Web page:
Simple Chaos [Acoustic / Electric Rock & Pop, Duo]
Gig review by Mutton Jeff, PURBECK! Journal
Colcombe Castle pub, Colyton, 23 September 2017
So, rocked up in a little rebel town down Devon way, a place called Colyton, almost equidistant between Axminster and the fortunately named Beer; called in to the Colcombe Castle, right in the guts of the place, not expecting much. I’ve been here before. The band was advertised in the traditional way via a blackboard out front. Simple Chaos. Nine till late. Got there for the second set but sorely wish I’d made it sooner.
They’re a trio comprising guitarist, violinist and, naturally, a singer. The word ‘naturally’ is apt – her name is Karen Fairfax and she has chops. They’re a cover band, which is cool so long as you make it your own, and that’s exactly what they do. It takes a certain braveness to take on Son of a Preacher Man; who can outshine Dusty? Well, of course Karen didn’t, but neither was she in Springfield’s shadow. Were it the first time hearing the song, you’d swear it was theirs. Girl owns it.
Guitarist is from the States, got a sense of humour. ’40 years in the business have taught me to always play the landlord’s request… We’ve discovered we sing a lot of songs by dead people.’ He is Karl Weber, easy on the stage and a first class performer; you get the feeling he pulled this trio together. He’s got the business. An excellent musician; great singing voice and right at home with rhythm and lead – practically got his slippers on. Which bring us neatly to their occasional violinist, Rupert Lewis, a cap-wearing, inconspicuous looking bloke you wouldn’t give a second glance in the street (it’s always the way). The man is an entire rock orchestra bundled up in four strings. Spot on on rhythm, bang on the notes, and all over the feel. True to the original intent of the song as opposed to merely filling the gaps. This reviewer can’t remember having heard a violin playing rock and blues like it wasn’t an add on, a novelty. This was integral.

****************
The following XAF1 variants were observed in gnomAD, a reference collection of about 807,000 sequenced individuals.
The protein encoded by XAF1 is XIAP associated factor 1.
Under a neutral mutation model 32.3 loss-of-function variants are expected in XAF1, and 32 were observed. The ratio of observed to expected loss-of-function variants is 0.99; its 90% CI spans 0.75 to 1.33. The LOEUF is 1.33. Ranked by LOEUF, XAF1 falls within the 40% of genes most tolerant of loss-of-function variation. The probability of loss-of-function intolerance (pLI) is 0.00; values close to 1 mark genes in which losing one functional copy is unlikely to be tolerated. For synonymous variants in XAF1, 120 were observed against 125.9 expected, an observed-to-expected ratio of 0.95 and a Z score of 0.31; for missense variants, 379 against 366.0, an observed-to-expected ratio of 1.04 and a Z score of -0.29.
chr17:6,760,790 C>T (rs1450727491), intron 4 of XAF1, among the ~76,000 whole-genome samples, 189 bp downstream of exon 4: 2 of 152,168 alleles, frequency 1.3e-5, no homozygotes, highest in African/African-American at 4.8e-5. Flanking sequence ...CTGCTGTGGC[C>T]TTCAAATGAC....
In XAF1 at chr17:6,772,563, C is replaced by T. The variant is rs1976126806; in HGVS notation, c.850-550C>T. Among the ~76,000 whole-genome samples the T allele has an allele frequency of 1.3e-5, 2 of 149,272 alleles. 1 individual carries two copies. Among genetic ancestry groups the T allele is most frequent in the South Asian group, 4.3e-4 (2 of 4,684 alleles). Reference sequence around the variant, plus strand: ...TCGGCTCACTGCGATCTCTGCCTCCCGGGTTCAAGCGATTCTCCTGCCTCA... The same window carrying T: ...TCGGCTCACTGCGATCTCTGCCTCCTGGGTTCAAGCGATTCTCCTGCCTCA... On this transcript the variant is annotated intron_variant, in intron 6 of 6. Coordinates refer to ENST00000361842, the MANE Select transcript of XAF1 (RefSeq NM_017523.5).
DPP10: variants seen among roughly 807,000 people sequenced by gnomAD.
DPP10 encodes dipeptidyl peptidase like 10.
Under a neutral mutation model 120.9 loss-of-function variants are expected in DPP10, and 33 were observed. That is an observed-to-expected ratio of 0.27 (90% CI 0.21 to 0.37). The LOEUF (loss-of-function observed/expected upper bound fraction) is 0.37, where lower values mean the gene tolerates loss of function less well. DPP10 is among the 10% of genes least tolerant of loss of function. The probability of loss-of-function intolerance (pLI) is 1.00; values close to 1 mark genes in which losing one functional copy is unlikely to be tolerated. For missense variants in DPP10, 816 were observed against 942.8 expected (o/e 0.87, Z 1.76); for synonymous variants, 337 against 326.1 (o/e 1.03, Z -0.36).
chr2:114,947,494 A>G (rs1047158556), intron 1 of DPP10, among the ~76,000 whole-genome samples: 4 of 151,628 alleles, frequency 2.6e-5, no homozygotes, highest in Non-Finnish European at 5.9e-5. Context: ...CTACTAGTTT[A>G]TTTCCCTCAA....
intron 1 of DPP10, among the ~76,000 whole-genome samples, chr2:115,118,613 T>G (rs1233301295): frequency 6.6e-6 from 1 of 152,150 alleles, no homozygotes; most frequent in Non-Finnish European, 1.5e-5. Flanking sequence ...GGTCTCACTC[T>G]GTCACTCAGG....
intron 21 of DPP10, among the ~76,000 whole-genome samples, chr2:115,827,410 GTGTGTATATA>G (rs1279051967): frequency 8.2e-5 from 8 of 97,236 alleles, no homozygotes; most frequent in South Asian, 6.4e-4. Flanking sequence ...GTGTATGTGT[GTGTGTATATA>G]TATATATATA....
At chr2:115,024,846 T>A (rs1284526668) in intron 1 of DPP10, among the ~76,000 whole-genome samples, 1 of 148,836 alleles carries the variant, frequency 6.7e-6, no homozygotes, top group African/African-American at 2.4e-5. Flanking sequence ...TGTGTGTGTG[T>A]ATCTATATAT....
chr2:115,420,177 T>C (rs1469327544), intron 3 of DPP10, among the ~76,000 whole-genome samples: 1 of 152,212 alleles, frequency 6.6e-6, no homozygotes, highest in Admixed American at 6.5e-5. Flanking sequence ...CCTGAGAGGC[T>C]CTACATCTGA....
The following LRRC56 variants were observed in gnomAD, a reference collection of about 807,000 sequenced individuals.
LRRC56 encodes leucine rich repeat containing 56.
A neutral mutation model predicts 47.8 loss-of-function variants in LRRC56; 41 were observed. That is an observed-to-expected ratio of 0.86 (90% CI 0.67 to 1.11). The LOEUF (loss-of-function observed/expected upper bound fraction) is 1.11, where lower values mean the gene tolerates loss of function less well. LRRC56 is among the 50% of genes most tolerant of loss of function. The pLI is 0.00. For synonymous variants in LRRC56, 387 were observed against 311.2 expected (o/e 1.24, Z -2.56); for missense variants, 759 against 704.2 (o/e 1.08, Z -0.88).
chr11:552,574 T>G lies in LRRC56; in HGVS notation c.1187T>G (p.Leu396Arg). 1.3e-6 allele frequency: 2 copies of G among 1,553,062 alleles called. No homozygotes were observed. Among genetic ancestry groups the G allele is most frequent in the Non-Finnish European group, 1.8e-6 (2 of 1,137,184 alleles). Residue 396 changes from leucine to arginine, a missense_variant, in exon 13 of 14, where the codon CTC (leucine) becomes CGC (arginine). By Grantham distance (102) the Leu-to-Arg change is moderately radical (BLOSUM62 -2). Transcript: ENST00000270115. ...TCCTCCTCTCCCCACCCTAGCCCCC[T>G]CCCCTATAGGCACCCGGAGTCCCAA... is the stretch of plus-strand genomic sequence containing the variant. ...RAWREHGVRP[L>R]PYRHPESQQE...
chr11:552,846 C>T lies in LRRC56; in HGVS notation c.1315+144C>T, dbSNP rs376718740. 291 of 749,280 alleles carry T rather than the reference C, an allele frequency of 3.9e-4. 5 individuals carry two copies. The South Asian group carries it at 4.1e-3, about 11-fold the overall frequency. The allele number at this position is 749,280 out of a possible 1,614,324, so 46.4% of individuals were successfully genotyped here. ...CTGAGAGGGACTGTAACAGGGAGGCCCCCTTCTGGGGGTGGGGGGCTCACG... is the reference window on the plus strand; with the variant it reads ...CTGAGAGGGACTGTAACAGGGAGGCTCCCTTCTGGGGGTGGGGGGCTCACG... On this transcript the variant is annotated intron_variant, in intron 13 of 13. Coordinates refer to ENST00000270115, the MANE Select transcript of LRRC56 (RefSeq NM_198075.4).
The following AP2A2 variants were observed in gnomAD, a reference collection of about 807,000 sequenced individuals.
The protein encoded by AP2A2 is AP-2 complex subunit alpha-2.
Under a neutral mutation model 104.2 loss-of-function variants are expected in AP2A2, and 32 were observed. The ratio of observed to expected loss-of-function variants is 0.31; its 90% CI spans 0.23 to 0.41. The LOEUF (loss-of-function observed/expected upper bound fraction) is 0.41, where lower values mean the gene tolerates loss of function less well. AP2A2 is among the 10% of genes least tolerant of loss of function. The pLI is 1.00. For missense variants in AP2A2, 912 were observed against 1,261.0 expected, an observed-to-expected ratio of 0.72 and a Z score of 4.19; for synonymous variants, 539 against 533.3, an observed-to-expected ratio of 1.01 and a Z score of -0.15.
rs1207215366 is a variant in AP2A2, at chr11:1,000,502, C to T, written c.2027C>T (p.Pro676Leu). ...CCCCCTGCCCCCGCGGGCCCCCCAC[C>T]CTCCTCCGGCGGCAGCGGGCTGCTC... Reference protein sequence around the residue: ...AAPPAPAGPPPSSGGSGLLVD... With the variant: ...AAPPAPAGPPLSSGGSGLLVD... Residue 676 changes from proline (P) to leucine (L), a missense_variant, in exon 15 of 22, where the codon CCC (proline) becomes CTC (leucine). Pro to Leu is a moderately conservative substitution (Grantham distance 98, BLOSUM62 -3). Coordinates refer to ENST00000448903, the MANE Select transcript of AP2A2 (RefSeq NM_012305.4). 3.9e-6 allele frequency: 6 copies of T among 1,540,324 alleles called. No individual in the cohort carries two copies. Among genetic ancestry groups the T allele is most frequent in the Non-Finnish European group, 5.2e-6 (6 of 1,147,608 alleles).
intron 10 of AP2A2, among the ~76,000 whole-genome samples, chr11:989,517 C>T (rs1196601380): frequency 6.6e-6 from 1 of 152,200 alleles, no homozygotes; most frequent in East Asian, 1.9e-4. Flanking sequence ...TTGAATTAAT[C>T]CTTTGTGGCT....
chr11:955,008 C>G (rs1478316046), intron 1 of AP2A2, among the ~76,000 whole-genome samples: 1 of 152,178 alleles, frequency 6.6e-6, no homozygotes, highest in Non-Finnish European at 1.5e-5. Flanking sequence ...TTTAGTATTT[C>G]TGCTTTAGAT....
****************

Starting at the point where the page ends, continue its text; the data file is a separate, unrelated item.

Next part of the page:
Take another little piece of my heart now baby, you know you’ve got it if it makes you feel good. Throat like cigar smoke and whiskey, Ms Joplin would have approved Karen whole-heartedly as the others gave The Holding Company a damned good run for their money. Straight into No Sunshine in deep tones evoking Nina Simone, belting out the chorus way up high and out there like Tina Turner when she was properly miserable. Dolly’s Jolene was perfectly expressed in intonations so tragic you just wanted to give her a hug. Stomping the beat-board, drumming my pain through her high heels, Karen rendered Fleetwood Mac’s Rhiannon like a wild thing. ‘Where are you going to go from that?’ countered an appropriately, highly appreciative crowd. My Brown Eyed Girl came the answer. Your man on guitar, Rupert, held that one on the vocals, likewise Creedence’s Bad Moon Rising: voice flowing like a river over rapids but perhaps not quite as tidal, not quite the howling moon as his female counterpart - but together this duo are something else.
It’s one thing to belt it out all husky and sexy but to hold it, to keep that intensity consistently, takes one hell of a diaphragm. Come Together was a tour de force! One violin, one guitar, a singer with a tambourine… Outrageous. Couldn’t go to the bar for the want of not missing a nuance – and nuances there were aplenty. Harmonies all over the place, the right places, that is, fine pickin’ and perfectly orchestrated.
Who knows where we’ll see Simple Chaos next but keep your eyes peeled. They’re based in Seaton, Devon, which might be a sneaky little hive of creativity given the evidence. This reviewer is still buzzing: how the heck do they hold Hotel California together with just a guitar and fiddle? They bloody-well did, alright. Knocked it right out of the park with the Stones Satisfaction for an encore and we all went home, well, satisfied. Well satisfied.Friday 29 September 2017